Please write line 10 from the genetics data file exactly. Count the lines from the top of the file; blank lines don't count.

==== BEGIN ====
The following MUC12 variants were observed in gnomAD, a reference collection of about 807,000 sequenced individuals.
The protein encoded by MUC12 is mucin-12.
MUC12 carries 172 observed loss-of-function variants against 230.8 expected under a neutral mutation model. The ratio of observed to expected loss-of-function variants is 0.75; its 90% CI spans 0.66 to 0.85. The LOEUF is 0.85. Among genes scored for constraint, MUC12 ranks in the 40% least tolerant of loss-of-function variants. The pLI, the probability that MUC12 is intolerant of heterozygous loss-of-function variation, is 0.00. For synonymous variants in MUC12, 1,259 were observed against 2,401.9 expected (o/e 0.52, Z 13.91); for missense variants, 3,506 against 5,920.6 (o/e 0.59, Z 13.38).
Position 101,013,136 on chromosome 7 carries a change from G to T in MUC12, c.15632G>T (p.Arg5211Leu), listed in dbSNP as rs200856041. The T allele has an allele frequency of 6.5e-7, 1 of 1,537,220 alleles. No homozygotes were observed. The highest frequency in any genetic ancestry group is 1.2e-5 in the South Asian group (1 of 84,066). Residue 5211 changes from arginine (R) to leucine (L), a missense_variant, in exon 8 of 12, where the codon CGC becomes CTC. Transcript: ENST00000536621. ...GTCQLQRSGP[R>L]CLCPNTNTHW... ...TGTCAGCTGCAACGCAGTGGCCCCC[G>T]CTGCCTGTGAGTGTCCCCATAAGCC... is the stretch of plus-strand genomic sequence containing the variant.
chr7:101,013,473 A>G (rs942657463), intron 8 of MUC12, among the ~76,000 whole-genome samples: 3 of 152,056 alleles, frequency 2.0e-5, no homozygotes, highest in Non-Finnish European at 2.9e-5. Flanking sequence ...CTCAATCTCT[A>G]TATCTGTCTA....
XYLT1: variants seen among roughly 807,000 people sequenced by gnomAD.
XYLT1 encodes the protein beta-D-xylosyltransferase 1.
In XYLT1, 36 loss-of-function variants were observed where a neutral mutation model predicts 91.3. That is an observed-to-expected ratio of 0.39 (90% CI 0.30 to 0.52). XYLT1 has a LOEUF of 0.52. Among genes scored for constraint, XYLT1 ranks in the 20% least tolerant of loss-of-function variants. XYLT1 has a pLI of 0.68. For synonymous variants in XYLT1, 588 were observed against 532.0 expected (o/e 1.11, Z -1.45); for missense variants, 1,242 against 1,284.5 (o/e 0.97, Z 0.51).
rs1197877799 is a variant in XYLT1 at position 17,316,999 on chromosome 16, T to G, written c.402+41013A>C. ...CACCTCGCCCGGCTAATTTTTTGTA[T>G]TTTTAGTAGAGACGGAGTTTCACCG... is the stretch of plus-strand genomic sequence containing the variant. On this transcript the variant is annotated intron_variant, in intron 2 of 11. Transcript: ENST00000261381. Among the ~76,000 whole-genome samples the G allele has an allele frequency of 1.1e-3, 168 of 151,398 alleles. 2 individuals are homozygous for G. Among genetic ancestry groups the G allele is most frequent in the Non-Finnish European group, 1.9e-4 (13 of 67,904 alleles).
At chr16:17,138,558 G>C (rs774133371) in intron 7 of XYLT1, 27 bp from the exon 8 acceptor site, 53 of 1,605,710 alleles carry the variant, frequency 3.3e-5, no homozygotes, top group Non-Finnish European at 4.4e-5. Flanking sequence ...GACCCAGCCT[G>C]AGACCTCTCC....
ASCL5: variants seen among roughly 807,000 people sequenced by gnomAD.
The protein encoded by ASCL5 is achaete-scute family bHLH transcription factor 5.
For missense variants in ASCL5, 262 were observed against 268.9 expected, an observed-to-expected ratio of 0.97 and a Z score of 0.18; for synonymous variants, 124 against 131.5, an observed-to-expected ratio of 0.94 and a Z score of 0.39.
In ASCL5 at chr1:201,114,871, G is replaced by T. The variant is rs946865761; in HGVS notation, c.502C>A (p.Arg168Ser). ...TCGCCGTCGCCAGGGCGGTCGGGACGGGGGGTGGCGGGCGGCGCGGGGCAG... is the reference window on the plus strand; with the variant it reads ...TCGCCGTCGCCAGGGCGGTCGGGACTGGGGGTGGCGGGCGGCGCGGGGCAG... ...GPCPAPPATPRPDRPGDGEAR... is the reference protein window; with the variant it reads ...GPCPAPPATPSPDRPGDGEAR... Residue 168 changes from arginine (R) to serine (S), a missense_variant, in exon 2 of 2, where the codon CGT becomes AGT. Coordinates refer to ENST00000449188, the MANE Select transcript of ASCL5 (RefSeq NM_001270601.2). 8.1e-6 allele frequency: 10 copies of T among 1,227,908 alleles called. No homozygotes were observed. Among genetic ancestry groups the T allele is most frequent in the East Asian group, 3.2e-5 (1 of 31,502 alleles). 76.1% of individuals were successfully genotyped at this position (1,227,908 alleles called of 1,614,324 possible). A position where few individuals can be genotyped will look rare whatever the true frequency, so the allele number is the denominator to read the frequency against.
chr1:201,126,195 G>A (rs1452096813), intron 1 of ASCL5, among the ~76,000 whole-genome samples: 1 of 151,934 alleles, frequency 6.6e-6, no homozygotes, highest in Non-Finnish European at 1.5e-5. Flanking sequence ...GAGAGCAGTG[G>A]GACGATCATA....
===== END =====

At chr16:17,138,558 G>C (rs774133371) in intron 7 of XYLT1, 27 bp from the exon 8 acceptor site, 53 of 1,605,710 alleles carry the variant, frequency 3.3e-5, no homozygotes, top group Non-Finnish European at 4.4e-5. Flanking sequence ...GACCCAGCCT[G>C]AGACCTCTCC....